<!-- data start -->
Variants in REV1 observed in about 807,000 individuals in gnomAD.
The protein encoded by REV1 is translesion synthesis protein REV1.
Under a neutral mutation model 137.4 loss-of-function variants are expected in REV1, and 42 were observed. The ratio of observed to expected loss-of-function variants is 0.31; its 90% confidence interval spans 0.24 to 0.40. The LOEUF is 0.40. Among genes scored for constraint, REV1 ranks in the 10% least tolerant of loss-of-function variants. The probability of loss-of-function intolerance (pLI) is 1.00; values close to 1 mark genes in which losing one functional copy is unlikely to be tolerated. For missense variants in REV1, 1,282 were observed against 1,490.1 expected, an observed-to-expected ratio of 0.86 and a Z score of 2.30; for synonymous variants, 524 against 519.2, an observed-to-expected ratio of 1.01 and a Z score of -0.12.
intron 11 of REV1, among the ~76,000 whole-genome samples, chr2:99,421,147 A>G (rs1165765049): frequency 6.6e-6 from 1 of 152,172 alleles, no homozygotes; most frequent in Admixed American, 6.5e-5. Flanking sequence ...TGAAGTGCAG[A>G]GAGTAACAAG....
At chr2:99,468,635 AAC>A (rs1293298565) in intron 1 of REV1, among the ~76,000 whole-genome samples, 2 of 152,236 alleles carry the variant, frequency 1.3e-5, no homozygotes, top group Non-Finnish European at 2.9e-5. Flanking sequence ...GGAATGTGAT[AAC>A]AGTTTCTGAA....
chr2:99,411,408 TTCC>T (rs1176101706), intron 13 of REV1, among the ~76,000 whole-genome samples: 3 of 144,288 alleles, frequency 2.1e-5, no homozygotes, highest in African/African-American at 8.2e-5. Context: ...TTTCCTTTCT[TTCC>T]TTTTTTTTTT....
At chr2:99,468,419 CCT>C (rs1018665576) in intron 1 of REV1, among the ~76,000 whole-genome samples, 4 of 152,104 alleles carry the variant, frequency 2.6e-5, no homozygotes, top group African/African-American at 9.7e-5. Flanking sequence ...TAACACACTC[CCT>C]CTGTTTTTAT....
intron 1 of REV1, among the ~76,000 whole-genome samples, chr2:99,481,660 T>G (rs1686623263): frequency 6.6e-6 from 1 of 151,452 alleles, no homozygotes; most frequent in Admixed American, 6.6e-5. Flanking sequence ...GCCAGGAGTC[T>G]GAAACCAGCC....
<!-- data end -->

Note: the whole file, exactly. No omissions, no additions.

Variants in REV1 observed in about 807,000 individuals in gnomAD.
The protein encoded by REV1 is translesion synthesis protein REV1.
Under a neutral mutation model 137.4 loss-of-function variants are expected in REV1, and 42 were observed. The ratio of observed to expected loss-of-function variants is 0.31; its 90% confidence interval spans 0.24 to 0.40. The LOEUF is 0.40. Among genes scored for constraint, REV1 ranks in the 10% least tolerant of loss-of-function variants. The probability of loss-of-function intolerance (pLI) is 1.00; values close to 1 mark genes in which losing one functional copy is unlikely to be tolerated. For missense variants in REV1, 1,282 were observed against 1,490.1 expected, an observed-to-expected ratio of 0.86 and a Z score of 2.30; for synonymous variants, 524 against 519.2, an observed-to-expected ratio of 1.01 and a Z score of -0.12.
intron 11 of REV1, among the ~76,000 whole-genome samples, chr2:99,421,147 A>G (rs1165765049): frequency 6.6e-6 from 1 of 152,172 alleles, no homozygotes; most frequent in Admixed American, 6.5e-5. Flanking sequence ...TGAAGTGCAG[A>G]GAGTAACAAG....
At chr2:99,468,635 AAC>A (rs1293298565) in intron 1 of REV1, among the ~76,000 whole-genome samples, 2 of 152,236 alleles carry the variant, frequency 1.3e-5, no homozygotes, top group Non-Finnish European at 2.9e-5. Flanking sequence ...GGAATGTGAT[AAC>A]AGTTTCTGAA....
chr2:99,411,408 TTCC>T (rs1176101706), intron 13 of REV1, among the ~76,000 whole-genome samples: 3 of 144,288 alleles, frequency 2.1e-5, no homozygotes, highest in African/African-American at 8.2e-5. Context: ...TTTCCTTTCT[TTCC>T]TTTTTTTTTT....
At chr2:99,468,419 CCT>C (rs1018665576) in intron 1 of REV1, among the ~76,000 whole-genome samples, 4 of 152,104 alleles carry the variant, frequency 2.6e-5, no homozygotes, top group African/African-American at 9.7e-5. Flanking sequence ...TAACACACTC[CCT>C]CTGTTTTTAT....
intron 1 of REV1, among the ~76,000 whole-genome samples, chr2:99,481,660 T>G (rs1686623263): frequency 6.6e-6 from 1 of 151,452 alleles, no homozygotes; most frequent in Admixed American, 6.6e-5. Flanking sequence ...GCCAGGAGTC[T>G]GAAACCAGCC....